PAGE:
Promoting high quality play

Examples of good practice for high quality play experiences for children and young people.

Advice for all practitioners working with children from birth to 5 and beyond, including playworkers in out of school clubs.

Play is an essential part of every child’s life and is vital for the enjoyment of childhood as well as social, emotional, intellectual and physical development. When children are asked about what they think is important in their lives, playing and friends is usually at the top of the list.

The Early Years Foundation Stage (EYFS) Statutory Framework states:

‘Each area of learning and development must be implemented through planned, purposeful play and through a mix of adult-led and child-initiated activity. Play is essential for children’s development, building their confidence as they learn to explore, to think about problems, and relate to others. Children learn by leading their own play, and by taking part in play which is guided by adults.’

The benefits of play

Play allows children to use their creativity, develop their imagination, vocabulary, dexterity, and physical, cognitive, and emotional strength. Play is important for healthy brain and physical development. Perhaps above all, play is a simple joy that is a cherished part of childhood.

Types of play

Children’s play is rich, varied, organic and constantly evolving. It can explore different types at the same time, flow from one to another and back again. Play types are useful in helping us be more specific when we’re talking about play and play provision but will only ever capture a narrow aspect of the wealth of children’s play.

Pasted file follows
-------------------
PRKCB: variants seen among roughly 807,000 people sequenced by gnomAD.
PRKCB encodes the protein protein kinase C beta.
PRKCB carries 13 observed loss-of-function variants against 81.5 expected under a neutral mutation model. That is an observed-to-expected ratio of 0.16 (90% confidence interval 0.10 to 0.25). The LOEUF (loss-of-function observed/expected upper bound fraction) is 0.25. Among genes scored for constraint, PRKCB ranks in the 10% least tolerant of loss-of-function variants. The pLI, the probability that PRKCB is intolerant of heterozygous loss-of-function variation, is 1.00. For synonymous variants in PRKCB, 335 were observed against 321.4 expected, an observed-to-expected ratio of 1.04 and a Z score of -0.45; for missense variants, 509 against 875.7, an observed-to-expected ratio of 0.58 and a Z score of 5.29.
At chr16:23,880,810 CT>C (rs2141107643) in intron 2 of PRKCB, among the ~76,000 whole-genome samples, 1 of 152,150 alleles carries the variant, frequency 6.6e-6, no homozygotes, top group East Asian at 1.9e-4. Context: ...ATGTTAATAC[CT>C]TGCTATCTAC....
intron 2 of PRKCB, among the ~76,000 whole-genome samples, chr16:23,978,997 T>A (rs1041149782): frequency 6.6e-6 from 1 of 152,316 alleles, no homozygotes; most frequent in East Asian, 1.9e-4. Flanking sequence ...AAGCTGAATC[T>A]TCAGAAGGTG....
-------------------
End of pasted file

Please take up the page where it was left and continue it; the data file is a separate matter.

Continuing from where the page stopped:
Inclusive play

Every child is entitled to quality play experiences and it is our role and a child’s right to ensure that no child is excluded.

An inclusive approach ensures provision caters for all children, young people and families. Creating places that are inclusive also encourages an understanding of diversity. Ensuring that young people and adults can all socialise, play and be part of a community enables them to gain a greater awareness of and sensitivity to the needs of others.

Dismantling barriers to play for children and young people, gives them the opportunity to express their rights under Article 31 of the UN Convention on the Rights of the Child.

To understand what barriers there are to play we must understand disability.  All children can enjoy play experiences together and children with special needs can feel as included as any other child.

Play principles and the role of the playworker

Playwork Principles establish a professional and ethical framework for playwork.

Where the Principles refer to children and young people, they mean all children and young people.

Books for professionals

The Charter for Children's Play

The Charter for Children’s Play sets out a vision for play and aims to be a catalyst for individuals and organisations to examine, review and improve their provision for children and young people’s play and informal recreation.

Best Play

Risk in play

The benefits of risk taking include: extending skills, developing physical and emotional capacities, challenging in new ways and gaining direct experience of the consequences of actions.

Heuristic play

Heuristic play was a term coined by a child psychologist Elinor Goldschmeid in the early 1980's and describes the activity of babies and children as they play with and explore the properties of 'objects' from the real world. Heuristic play is rooted in young children’s natural curiosity.

Loose parts

Loose parts are items and materials that children and young people can move, adapt, control, change and manipulate within their play. For further information visit:

Useful links